Pakistan’s textile exports may decline sharply

According to foreign reports, Pakistan’s textile exports will see a sharp decline, or at least so according to the latest monthly trade report of the Pakistan Bureau of Stati…

According to foreign reports, Pakistan’s textile exports will see a sharp decline, or at least so according to the latest monthly trade report of the Pakistan Bureau of Statistics. The statistics bureau reported that most of Pakistan’s exports of mid- to low-end textiles showed double-digit declines from July to October this year. If the export volume of clothing had not remained stable, the country’s textile exports would have experienced negative growth.

At present, the decline in Pakistan’s textile exports is showing a spreading trend. It may not be long before clothing exports will also “surrender”. At least this is what cotton imports from July to October this year look like. According to data from the Pakistan Bureau of Statistics, Pakistan’s cotton imports from July to October this year were just over 1 million bales, the lowest level since September to December 2019. However, at that time, Pakistan’s cotton imports were subject to extremely high tariffs. Therefore, excluding this stage, cotton imports from July to October this year were the lowest level in more than ten years.

While cotton imports have declined, major floods in Pakistan have caused cotton production to drop by nearly half, and the current production forecast has dropped to the level of 4.5-5.5 million bales. If the current average monthly import level of 250,000 bales continues, the annual cotton import volume will not exceed 3 million bales, the lowest since fiscal year 2016, when Pakistan’s domestic cotton production was 10 million bales. For most of the past decade, Pakistan’s cotton consumption has ranged from 12.5 million to 13.5 million bales, and cotton imports in recent years have accounted for 40% of total demand. However, the amount of cotton used by factories is likely to fall sharply this fiscal year due to a sharp reduction in domestic cotton production and a sharp decline in imports.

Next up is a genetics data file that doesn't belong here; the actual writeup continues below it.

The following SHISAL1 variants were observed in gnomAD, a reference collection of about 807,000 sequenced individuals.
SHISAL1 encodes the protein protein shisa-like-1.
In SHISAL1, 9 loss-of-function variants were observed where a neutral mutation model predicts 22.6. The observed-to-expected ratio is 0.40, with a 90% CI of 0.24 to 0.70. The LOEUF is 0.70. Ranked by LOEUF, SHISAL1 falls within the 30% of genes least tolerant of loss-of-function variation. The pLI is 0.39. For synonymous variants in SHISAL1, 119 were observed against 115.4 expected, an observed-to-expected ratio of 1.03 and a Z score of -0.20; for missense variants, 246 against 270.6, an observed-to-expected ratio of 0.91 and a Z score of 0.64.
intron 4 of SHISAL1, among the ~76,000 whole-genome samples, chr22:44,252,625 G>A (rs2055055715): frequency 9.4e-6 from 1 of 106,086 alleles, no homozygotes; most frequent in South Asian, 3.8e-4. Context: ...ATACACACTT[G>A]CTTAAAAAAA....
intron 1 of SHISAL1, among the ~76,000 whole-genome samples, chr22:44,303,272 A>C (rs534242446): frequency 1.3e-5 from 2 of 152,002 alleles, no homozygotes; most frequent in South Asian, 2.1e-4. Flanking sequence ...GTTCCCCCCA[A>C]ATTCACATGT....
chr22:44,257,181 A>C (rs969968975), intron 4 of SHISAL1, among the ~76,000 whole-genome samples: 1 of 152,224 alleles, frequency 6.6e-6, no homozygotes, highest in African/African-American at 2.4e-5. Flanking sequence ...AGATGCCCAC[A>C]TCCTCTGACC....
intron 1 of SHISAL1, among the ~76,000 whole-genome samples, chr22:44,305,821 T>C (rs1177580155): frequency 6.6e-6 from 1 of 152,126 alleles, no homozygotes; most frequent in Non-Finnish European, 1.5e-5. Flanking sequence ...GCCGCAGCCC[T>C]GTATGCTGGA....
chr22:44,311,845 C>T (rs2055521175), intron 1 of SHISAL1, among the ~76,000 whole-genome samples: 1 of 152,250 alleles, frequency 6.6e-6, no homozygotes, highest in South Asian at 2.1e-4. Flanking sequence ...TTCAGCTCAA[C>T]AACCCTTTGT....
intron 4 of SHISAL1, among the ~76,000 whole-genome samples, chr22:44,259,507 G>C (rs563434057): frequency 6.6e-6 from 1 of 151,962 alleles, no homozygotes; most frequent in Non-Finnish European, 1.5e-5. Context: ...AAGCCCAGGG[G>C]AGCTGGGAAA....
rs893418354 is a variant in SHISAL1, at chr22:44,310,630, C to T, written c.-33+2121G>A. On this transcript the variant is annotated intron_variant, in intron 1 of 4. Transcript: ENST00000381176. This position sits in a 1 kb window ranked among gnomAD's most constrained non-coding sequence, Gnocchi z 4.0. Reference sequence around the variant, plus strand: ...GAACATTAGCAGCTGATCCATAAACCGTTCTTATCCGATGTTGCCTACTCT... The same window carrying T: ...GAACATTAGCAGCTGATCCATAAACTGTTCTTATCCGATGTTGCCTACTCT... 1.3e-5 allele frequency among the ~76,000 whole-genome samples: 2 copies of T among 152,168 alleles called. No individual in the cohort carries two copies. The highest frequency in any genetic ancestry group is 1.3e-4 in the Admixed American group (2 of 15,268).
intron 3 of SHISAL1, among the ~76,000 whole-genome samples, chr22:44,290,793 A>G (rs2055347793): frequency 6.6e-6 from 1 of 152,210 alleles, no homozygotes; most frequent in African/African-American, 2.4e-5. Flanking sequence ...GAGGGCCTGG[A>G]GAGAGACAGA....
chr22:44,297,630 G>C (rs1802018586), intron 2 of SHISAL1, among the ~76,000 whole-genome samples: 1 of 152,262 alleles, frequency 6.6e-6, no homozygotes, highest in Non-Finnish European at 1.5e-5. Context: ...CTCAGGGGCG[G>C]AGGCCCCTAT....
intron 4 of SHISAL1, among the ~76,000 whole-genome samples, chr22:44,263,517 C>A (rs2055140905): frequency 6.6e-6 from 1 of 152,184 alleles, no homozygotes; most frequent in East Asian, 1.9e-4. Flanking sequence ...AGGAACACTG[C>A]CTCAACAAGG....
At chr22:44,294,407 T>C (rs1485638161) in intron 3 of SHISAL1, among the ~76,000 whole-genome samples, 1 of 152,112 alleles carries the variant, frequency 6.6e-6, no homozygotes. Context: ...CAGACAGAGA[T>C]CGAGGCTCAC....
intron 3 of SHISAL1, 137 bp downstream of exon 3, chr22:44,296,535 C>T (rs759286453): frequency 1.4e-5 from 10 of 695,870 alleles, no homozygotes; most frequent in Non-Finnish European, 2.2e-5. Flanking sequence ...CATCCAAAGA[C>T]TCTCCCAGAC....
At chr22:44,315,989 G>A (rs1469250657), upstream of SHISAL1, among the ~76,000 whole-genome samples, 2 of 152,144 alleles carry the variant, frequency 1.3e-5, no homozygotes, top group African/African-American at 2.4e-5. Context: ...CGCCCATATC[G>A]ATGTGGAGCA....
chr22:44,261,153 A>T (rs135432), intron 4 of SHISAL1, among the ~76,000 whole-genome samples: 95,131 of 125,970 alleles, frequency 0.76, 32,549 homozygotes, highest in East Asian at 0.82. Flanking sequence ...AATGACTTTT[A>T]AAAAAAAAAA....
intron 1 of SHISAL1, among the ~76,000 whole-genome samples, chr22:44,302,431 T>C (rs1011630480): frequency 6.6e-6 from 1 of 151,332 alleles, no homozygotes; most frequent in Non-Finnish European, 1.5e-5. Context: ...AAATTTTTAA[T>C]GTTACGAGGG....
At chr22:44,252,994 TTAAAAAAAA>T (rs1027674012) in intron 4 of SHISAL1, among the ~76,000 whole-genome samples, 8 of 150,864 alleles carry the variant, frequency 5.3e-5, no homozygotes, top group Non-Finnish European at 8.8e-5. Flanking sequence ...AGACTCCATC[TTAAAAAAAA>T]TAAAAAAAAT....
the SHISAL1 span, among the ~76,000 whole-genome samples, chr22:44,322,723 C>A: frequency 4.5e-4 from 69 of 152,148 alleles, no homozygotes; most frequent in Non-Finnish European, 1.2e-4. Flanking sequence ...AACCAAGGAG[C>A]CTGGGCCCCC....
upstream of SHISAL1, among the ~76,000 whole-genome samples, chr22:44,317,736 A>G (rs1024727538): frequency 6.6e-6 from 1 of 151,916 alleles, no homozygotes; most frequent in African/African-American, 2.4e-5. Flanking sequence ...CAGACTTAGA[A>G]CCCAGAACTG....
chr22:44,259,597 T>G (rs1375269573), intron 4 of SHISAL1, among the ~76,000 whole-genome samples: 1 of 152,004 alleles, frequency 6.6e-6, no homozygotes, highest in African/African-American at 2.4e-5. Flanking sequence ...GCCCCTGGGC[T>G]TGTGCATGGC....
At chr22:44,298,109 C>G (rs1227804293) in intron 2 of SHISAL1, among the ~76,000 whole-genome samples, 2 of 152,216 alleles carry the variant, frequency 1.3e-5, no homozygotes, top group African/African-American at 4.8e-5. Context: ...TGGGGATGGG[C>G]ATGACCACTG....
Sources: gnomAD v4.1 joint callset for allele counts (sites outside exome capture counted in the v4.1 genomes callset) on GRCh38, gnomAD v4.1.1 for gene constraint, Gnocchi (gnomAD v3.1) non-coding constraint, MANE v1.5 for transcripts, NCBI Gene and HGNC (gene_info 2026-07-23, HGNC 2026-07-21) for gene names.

In addition to supply-side issues, cotton prices and downstream demand are also important reasons for the reduction in cotton imports. First, as international cotton prices plummeted by nearly 50% from May to November, the Pakistani textile industry began to re-sign contracts in order to obtain lower prices. Since August 2022, Pakistan’s monthly average cotton import price has exceeded the monthly average price of the international market during the same period, changing the previous situation where the average import price continued to be lower than the international cotton price.

It now appears that as the Pakistani industry bet on a sharp rise in international cotton prices, it is now overwhelmed by stocks of raw materials at peak prices, just as the recession has begun to spread in major export destinations. Therefore, despite the significant reduction in domestic cotton supply, gauze production did not rely more on imports, but continued to decline.

For 2023, once the domestic cotton market ends and winter passes, Pakistan’s cotton imports are likely to pick up, which will also more clearly reflect the specific extent of the economic recession in the export destination. However, even if the average monthly cotton import volume doubles from now, it will be difficult for the annual import volume to reach the peak of 5 million bales in the past two years.

From the current point of view, Pakistan’s textile export volume in fiscal year 2023 is inevitable. It remains to be seen whether the drop in demand will immediately evolve into a drop in the export price of low-end products. The last time the international cotton price remained below 80 cents, Pakistan’s textile exports stagnated (2015-2020 fiscal year). It will take time to tell what will happen this time.


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Author: clsrich